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Breathing

How Proper Breathing Improves Meditation

Taking a breath is the first thing humans do when they are born, the last thing they do before passing away, and every day in between, it is without question the most important process that occurs in the human body.

The human body can survive weeks without food and a couple of days without water, but only a few minutes without breathing and the body can no longer function. Despite the importance of this bodily process, few people take the time to focus on breathing patterns than spend time thinking about diet plans or beverage intake.

This is likely because breathing happens so automatically. The average human inhales as many as 23,000 times each day, and unlike the potent flavors of a tasty meal or the soothing qualities of a cup of tea, each breath an individual takes is just like the last and goes unnoticed.

Nevertheless, unhealthy breathing can be as bad for the health as unhealthy eating. To understand the full importance of this bodily function, highlighted below is an overview of how important proper breathing is for the human body, in addition to how focusing on breathing can improve meditation.

breathing About Breathing


First, breathing oxygenates the blood, which in turn travels to the muscles, brain, and vital organs. Any part of the body that is not given oxygen will soon die. Ischemia can occur if too little oxygen is being brought to a specific body part. 1

Additionally, breathing is an important part of expelling waste products from the body. Upon inhalation, oxygen is delivered to the lungs and blood. When exhaling, carbon dioxide and other toxins are released from the body. Without proper breathing, these elements collect in the body and lead to negative health consequences.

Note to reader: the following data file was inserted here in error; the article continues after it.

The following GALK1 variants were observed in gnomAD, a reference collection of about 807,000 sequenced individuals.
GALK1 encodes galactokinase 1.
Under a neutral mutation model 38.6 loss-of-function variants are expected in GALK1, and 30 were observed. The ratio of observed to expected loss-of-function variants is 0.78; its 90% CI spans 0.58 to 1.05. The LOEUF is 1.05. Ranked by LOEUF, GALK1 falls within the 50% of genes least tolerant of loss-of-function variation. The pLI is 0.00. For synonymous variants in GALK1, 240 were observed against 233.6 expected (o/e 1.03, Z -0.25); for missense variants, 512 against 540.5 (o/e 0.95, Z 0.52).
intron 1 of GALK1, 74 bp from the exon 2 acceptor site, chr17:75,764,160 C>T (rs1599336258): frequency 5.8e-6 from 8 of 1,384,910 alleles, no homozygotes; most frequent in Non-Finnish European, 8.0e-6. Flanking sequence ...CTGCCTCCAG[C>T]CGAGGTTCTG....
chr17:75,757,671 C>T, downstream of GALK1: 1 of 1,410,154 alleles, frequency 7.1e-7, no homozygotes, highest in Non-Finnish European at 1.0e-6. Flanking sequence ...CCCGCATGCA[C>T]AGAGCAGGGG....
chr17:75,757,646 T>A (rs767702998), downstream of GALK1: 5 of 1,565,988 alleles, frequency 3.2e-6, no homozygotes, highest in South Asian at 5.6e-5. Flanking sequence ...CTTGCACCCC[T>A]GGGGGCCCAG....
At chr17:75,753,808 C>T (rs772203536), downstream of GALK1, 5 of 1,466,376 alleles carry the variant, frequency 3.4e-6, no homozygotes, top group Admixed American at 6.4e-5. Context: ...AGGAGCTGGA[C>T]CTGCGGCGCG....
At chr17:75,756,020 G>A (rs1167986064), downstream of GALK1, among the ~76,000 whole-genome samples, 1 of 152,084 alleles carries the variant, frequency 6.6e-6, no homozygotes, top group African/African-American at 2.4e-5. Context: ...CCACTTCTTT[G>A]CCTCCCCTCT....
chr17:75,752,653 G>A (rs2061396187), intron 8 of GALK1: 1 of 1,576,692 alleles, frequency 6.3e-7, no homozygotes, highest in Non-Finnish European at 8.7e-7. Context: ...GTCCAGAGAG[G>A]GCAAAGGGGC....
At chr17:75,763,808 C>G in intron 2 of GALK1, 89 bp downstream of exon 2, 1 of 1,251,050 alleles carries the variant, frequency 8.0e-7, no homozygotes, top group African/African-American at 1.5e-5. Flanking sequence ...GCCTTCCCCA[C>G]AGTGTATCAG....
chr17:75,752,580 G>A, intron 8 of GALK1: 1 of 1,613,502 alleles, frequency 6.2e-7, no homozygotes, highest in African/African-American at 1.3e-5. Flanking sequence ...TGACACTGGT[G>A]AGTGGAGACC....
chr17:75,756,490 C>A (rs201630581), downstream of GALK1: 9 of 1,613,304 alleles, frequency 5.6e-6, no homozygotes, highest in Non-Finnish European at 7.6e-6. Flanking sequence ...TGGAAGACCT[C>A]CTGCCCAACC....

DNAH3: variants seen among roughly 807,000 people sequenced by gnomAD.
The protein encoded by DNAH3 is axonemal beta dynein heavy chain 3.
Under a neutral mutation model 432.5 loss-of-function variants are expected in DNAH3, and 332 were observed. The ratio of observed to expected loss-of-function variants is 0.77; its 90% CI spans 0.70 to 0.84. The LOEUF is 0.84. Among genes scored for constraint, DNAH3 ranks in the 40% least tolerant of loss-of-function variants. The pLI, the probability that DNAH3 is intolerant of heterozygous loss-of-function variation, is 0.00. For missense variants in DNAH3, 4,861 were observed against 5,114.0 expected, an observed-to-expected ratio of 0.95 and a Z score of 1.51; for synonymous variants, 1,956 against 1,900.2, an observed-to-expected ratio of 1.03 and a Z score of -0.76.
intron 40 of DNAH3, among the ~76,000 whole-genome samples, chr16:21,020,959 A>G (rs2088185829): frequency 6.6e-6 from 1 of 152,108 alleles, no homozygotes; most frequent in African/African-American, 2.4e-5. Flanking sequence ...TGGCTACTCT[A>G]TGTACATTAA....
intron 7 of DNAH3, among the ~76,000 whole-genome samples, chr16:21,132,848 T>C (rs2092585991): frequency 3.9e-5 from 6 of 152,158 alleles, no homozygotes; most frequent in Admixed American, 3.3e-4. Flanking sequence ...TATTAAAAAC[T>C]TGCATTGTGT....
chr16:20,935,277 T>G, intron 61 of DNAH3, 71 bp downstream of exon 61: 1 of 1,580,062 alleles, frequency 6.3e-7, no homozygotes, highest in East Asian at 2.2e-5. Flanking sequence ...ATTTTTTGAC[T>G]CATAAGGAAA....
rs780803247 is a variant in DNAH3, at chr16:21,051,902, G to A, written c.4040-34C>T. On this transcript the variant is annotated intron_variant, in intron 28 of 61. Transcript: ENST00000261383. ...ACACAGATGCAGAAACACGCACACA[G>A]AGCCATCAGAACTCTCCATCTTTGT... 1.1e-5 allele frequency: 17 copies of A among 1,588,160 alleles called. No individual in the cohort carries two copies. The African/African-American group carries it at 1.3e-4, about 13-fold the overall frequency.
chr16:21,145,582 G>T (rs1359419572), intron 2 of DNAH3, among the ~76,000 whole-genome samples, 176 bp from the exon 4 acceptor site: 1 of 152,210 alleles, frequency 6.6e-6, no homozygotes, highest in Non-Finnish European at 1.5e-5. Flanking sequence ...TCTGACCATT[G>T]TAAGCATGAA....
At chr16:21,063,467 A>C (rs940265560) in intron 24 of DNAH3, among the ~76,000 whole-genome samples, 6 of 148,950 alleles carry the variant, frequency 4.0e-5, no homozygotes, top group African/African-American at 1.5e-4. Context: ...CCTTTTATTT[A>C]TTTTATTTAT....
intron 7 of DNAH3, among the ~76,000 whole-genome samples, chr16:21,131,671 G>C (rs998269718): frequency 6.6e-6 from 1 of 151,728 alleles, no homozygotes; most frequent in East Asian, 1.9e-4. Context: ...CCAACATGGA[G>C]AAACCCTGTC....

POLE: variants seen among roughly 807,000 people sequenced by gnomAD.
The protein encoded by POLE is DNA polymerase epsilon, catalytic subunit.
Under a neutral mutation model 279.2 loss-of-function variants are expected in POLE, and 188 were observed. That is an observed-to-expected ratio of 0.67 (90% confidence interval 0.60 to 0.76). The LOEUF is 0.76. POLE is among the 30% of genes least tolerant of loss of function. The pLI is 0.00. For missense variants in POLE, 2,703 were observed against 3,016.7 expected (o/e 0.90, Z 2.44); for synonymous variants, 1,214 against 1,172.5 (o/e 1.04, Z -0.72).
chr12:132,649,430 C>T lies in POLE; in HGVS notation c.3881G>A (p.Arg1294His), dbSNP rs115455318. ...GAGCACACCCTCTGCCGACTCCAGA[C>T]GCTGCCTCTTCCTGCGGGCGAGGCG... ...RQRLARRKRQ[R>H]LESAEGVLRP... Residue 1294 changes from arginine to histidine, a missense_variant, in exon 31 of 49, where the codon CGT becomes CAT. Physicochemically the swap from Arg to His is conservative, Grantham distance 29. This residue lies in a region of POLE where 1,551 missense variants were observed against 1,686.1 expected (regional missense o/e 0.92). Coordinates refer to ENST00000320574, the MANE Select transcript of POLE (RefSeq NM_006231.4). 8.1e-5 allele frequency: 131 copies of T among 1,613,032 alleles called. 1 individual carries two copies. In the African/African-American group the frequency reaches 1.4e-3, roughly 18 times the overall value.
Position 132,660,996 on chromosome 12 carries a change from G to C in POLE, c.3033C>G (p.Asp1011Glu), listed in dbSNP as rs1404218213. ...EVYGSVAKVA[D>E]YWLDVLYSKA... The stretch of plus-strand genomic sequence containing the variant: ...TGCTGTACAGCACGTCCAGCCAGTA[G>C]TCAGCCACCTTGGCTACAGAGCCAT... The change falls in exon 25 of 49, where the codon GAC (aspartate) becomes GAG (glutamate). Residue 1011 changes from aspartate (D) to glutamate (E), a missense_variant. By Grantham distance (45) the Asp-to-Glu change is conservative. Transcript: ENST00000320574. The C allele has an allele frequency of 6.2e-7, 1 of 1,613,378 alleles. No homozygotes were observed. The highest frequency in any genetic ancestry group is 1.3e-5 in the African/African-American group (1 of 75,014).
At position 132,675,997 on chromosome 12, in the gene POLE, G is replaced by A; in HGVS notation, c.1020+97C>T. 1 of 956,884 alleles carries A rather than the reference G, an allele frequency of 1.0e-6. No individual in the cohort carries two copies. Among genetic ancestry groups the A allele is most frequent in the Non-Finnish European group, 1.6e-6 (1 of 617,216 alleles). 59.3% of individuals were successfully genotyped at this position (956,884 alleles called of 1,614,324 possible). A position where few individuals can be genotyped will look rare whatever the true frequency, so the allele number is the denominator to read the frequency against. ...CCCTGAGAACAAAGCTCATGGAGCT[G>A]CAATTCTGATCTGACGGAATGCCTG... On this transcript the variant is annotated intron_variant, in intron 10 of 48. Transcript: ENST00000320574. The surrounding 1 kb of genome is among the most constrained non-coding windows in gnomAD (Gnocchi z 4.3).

Signs of Improper Breathing


Not everyone takes the time to focus on their breathing patterns, however, improper breathing is in fact possible. Some signs of improper breathing habits include:

    • Holding the breath (when focusing, strength training, etc.)

    • Feeling a regular need to take a deep breath

    • Breathing in short gasps

    • Running out of breath, even when not participating in exercise 2


Conscious Breathing


Another important aspect of breathing is the link it forms between the mind and the body. There is a range of anecdotal and clinical evidence indicating that proper breathing habits, or the lack thereof, can affect the mental and emotional states.

Understanding these principles has led to the practices like conscious breathing as a method of managing the emotions and calming the body. In addition, conscious breathing can be a great supplement to a daily meditation routine. 3

Much like a musical ensemble, choppy, rushed, and shallow natural breathing detracts from the performance as a whole. When discussing breathing patterns, irregular rhythms can lead to disruptions in physical and mental processes which can also negatively affect emotions.

In Yogic teachings, inner conflicts, personality disorders, imbalances, diseases, and even destructive lifestyles all stem from a malfunction in breathing.

The breath, according to these teachings, is the all-important nexus where mind, body, and spirit connect. Regulating this link is the key to bring about a balanced “whole.”

Practiced regularly, conscious breathing allows the mind to turn inwards, away from external worries. This practice creates a deeper understanding of personal conditions and often leads to a healthier approach to life through greater balance in physical, mental, and emotional states.

In fact, studies have shown that simply practicing deep diaphragmatic breathing promotes calmness and inner peace. 4

meditation with essential oil diffuser necklace


History of Breathing and Meditation


The practice of conscious breathing has been used by mystics, magi, occultists, and spiritualists for thousands of years to induce changes in consciousness. By practicing something as simple as regulating the breath, they were able to push the limits of their bodies and minds.

The power to heal is one of the most important functions of the mind was shown to have in these altered states. Additionally, yogi and shamanic cultures highlight the importance of the bringing balance to the body, mind, and spirit through breathing.

Many of these practices were later incorporated into established systems of exercise and relaxation since before the dawn of the Roman Empire.